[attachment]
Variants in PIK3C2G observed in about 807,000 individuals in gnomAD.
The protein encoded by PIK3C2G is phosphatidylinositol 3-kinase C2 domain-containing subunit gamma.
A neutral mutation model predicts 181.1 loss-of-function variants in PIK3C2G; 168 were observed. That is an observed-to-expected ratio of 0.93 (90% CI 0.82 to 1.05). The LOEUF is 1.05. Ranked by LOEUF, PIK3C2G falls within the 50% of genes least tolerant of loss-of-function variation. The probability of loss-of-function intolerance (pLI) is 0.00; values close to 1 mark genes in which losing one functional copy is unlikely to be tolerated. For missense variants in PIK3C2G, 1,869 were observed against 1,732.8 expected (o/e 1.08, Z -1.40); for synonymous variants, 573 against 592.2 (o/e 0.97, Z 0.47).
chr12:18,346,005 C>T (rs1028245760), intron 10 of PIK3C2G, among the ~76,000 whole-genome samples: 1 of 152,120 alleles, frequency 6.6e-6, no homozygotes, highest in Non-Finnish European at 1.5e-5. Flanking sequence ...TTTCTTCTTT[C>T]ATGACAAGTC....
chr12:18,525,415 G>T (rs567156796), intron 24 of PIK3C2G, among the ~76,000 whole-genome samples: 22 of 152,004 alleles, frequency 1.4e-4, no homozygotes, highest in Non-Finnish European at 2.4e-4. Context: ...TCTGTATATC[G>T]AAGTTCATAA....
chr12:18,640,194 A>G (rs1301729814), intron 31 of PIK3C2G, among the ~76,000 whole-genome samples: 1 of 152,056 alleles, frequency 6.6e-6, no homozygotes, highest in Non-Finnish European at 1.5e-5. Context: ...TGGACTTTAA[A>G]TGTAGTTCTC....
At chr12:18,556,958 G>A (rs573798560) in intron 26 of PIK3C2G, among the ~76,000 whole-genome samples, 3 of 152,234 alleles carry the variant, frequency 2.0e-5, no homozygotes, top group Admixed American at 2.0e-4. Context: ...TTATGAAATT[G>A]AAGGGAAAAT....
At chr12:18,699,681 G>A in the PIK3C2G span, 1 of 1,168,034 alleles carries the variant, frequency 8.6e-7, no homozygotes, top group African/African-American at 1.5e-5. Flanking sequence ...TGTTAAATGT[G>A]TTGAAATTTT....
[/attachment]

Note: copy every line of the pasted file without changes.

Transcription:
Variants in PIK3C2G observed in about 807,000 individuals in gnomAD.
The protein encoded by PIK3C2G is phosphatidylinositol 3-kinase C2 domain-containing subunit gamma.
A neutral mutation model predicts 181.1 loss-of-function variants in PIK3C2G; 168 were observed. That is an observed-to-expected ratio of 0.93 (90% CI 0.82 to 1.05). The LOEUF is 1.05. Ranked by LOEUF, PIK3C2G falls within the 50% of genes least tolerant of loss-of-function variation. The probability of loss-of-function intolerance (pLI) is 0.00; values close to 1 mark genes in which losing one functional copy is unlikely to be tolerated. For missense variants in PIK3C2G, 1,869 were observed against 1,732.8 expected (o/e 1.08, Z -1.40); for synonymous variants, 573 against 592.2 (o/e 0.97, Z 0.47).
chr12:18,346,005 C>T (rs1028245760), intron 10 of PIK3C2G, among the ~76,000 whole-genome samples: 1 of 152,120 alleles, frequency 6.6e-6, no homozygotes, highest in Non-Finnish European at 1.5e-5. Flanking sequence ...TTTCTTCTTT[C>T]ATGACAAGTC....
chr12:18,525,415 G>T (rs567156796), intron 24 of PIK3C2G, among the ~76,000 whole-genome samples: 22 of 152,004 alleles, frequency 1.4e-4, no homozygotes, highest in Non-Finnish European at 2.4e-4. Context: ...TCTGTATATC[G>T]AAGTTCATAA....
chr12:18,640,194 A>G (rs1301729814), intron 31 of PIK3C2G, among the ~76,000 whole-genome samples: 1 of 152,056 alleles, frequency 6.6e-6, no homozygotes, highest in Non-Finnish European at 1.5e-5. Context: ...TGGACTTTAA[A>G]TGTAGTTCTC....
At chr12:18,556,958 G>A (rs573798560) in intron 26 of PIK3C2G, among the ~76,000 whole-genome samples, 3 of 152,234 alleles carry the variant, frequency 2.0e-5, no homozygotes, top group Admixed American at 2.0e-4. Context: ...TTATGAAATT[G>A]AAGGGAAAAT....
At chr12:18,699,681 G>A in the PIK3C2G span, 1 of 1,168,034 alleles carries the variant, frequency 8.6e-7, no homozygotes, top group African/African-American at 1.5e-5. Flanking sequence ...TGTTAAATGT[G>A]TTGAAATTTT....